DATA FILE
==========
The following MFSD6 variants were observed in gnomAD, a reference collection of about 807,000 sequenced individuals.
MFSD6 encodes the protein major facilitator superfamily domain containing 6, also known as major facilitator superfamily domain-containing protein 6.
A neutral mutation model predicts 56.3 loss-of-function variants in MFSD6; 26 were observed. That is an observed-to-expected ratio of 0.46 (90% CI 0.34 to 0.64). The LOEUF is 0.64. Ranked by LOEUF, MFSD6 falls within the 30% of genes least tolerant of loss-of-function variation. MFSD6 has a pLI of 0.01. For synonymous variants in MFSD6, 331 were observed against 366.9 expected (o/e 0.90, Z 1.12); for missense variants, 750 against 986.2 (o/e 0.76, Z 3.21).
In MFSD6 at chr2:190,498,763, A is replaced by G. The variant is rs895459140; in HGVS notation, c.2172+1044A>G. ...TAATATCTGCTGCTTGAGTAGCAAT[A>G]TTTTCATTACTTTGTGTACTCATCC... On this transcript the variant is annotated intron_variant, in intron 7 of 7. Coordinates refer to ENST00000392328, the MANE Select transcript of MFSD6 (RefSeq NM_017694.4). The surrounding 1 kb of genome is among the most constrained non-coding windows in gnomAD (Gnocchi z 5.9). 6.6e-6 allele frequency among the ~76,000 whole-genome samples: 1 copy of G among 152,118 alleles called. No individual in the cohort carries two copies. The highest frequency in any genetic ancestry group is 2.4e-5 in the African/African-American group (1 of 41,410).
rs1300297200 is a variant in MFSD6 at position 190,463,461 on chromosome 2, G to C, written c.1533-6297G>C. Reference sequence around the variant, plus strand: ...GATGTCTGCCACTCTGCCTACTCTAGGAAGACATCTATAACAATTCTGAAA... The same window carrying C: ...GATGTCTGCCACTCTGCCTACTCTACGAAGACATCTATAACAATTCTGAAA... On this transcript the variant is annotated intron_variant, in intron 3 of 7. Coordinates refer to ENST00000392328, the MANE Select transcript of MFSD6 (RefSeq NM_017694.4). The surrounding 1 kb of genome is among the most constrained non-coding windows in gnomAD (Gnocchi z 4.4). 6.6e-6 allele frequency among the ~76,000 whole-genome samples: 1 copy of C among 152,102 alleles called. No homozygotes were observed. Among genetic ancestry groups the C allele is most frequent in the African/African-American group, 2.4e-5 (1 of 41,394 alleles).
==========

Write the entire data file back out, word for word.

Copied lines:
The following MFSD6 variants were observed in gnomAD, a reference collection of about 807,000 sequenced individuals.
MFSD6 encodes the protein major facilitator superfamily domain containing 6, also known as major facilitator superfamily domain-containing protein 6.
A neutral mutation model predicts 56.3 loss-of-function variants in MFSD6; 26 were observed. That is an observed-to-expected ratio of 0.46 (90% CI 0.34 to 0.64). The LOEUF is 0.64. Ranked by LOEUF, MFSD6 falls within the 30% of genes least tolerant of loss-of-function variation. MFSD6 has a pLI of 0.01. For synonymous variants in MFSD6, 331 were observed against 366.9 expected (o/e 0.90, Z 1.12); for missense variants, 750 against 986.2 (o/e 0.76, Z 3.21).
In MFSD6 at chr2:190,498,763, A is replaced by G. The variant is rs895459140; in HGVS notation, c.2172+1044A>G. ...TAATATCTGCTGCTTGAGTAGCAAT[A>G]TTTTCATTACTTTGTGTACTCATCC... On this transcript the variant is annotated intron_variant, in intron 7 of 7. Coordinates refer to ENST00000392328, the MANE Select transcript of MFSD6 (RefSeq NM_017694.4). The surrounding 1 kb of genome is among the most constrained non-coding windows in gnomAD (Gnocchi z 5.9). 6.6e-6 allele frequency among the ~76,000 whole-genome samples: 1 copy of G among 152,118 alleles called. No individual in the cohort carries two copies. The highest frequency in any genetic ancestry group is 2.4e-5 in the African/African-American group (1 of 41,410).
rs1300297200 is a variant in MFSD6 at position 190,463,461 on chromosome 2, G to C, written c.1533-6297G>C. Reference sequence around the variant, plus strand: ...GATGTCTGCCACTCTGCCTACTCTAGGAAGACATCTATAACAATTCTGAAA... The same window carrying C: ...GATGTCTGCCACTCTGCCTACTCTACGAAGACATCTATAACAATTCTGAAA... On this transcript the variant is annotated intron_variant, in intron 3 of 7. Coordinates refer to ENST00000392328, the MANE Select transcript of MFSD6 (RefSeq NM_017694.4). The surrounding 1 kb of genome is among the most constrained non-coding windows in gnomAD (Gnocchi z 4.4). 6.6e-6 allele frequency among the ~76,000 whole-genome samples: 1 copy of C among 152,102 alleles called. No homozygotes were observed. Among genetic ancestry groups the C allele is most frequent in the African/African-American group, 2.4e-5 (1 of 41,394 alleles).